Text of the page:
Women moving up in Jewish philanthropic world

ATLANTA — Want to make sure a charity is successful? Be sure there are plenty of women involved — both as donors and as leaders.

That was the message last month behind several United Jewish Communities' General Assembly sessions on women and philanthropy. Increasingly, women have more control over the family purse strings. And more of them are becoming leaders of Jewish charities.

"We're seeing the tip of the iceberg," said Carole Solomon, chair of the UJC annual campaign. "I really believe there is going to be an explosion in terms of responsibility for women's philanthropy and what it can accomplish."

Around the country, federations and other philanthropic groups are seeing more women on their boards and committees.

Solomon is the first female annual campaign chair in her organization's 60-year history. Now that she and others are shattering the glass ceilings of Jewish philanthropy, she asserts that women will have "more and more access" to leadership roles.

"All it takes," she said, "is for the door to open once."

Women who are moving into the spotlight are harnessing both money and power in the Jewish charitable world.

"One has to learn where the real power lies and not be afraid of it," Shoshana Cardin told a group of female philanthropists at the General Assembly. "Power used wisely is very effective."

Cardin, who lives in Baltimore, is the immediate past president of United Israel Appeal and current president of the Jewish Telegraphic Agency.

For her part, Solomon sees women getting more comfortable in positions of power. "We are more confident," she said. Women "are using the resources in ways that does, indeed, open doors."

Women now provide 22 percent of the revenue of the UJC annual campaign — and comprise the fastest growing segment of it.

Money "most definitely opens the door," Solomon said. "At the end of the day…he who has the most gold rules."

Women also are increasingly being entrusted with control of large family foundations. Why that is so is still unknown, but the result is that women have more and more dollars passing through their hands — both on local and national levels.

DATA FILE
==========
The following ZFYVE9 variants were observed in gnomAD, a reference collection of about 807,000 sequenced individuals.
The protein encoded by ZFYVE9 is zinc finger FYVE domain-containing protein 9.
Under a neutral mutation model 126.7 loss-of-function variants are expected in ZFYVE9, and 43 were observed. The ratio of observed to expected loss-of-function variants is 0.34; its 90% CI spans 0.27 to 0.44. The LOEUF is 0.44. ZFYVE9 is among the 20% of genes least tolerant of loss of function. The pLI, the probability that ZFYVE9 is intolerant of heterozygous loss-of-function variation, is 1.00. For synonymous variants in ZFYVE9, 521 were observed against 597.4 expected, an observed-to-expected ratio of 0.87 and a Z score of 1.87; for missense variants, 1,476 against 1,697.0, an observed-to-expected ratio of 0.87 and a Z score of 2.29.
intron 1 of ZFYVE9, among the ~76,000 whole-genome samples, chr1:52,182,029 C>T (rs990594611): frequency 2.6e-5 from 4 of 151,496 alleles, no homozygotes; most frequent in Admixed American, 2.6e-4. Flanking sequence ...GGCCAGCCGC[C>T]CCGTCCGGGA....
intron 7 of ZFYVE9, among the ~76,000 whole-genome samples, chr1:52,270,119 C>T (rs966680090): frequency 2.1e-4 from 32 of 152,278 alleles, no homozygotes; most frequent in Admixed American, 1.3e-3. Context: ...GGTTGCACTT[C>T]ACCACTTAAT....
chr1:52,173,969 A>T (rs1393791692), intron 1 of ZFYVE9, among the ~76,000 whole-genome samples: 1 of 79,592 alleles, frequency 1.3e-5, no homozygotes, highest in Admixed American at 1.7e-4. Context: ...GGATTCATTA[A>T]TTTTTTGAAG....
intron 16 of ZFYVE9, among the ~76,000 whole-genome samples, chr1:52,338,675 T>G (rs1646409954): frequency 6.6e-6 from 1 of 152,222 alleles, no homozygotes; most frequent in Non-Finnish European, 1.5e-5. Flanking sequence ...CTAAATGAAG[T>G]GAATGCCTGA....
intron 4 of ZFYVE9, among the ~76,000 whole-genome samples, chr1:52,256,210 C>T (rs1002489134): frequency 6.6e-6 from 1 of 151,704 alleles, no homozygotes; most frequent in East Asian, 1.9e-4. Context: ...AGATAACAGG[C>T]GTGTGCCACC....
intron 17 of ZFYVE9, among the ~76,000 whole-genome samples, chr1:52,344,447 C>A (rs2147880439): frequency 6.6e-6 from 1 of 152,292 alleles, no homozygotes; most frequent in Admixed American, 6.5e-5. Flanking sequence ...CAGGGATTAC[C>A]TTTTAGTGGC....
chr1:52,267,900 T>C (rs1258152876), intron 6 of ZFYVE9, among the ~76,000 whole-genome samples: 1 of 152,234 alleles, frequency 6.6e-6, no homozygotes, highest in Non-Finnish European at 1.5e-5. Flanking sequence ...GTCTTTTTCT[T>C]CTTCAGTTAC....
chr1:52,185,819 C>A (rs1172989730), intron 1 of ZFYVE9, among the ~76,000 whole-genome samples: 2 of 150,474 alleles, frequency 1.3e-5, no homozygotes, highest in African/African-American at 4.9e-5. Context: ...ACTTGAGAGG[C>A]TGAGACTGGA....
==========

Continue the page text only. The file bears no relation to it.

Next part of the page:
"Women's ability to give money is huge," said Gloria Minkin, past chair of the Jewish Federation of Greater Atlanta women's campaign. "In a two-person household, women affect what the gift is. Women are independently wealthy, and women realize the need to set their own standards. The potential is enormous."

A new focus on women as donors is "ground-breaking," said Shelley Sarver, co-chair of the Women and Philanthropy Task Force for the St. Louis Jewish Federation. "It's a pretty important milestone recognizing that women control money."

The St. Louis federation has identified four groups of women to court as donors: widows and women over 55; the wife in the traditional "Mr. and Mrs." donors, women who have or inherit wealth, and high-level professional women.

What they found, Sarver said, is that "all are promising and all are important in different ways. [Women] have more control over the money in their family. And clearly, over the next generation, they will have control over more money."

But while women may control the spending at home, they are still scarce on philanthropic finance and budget committees.

Cynthia Shulman, chair of the board of combined Jewish Philanthropies of Boston, said that women are much more numerous on "what are traditionally called 'soft committees.'"

That, she asserts, is changing.

Solomon said that both genders share responsibility for the shortage of women in financial leadership.

"To some extent it's been a natural thing for committees to look to a businessman to head budget and finance committees," Solomon said. "At the same time women, traditionally — that's the place they almost tried to avoid because of lack of comfort and expertise."

That, she said, must change — and women have to make it happen. If minorities — in this case women — don't comprise at least a third of a committee, they have no voice.

"Women have to actively seek positions of financial responsibility," Solomon said. "I think they have to demonstrate they can do it and take advantage of the opportunities they have to learn."

It's a change, she says, driven by more than a need to better the lot of women.

"Any organization that doesn't open it's doors to the participation of women suffers tremendously," Solomon said. "We make things happen." That, combined with increased access to money and a natural drive, "is a combination I don't think can be beat."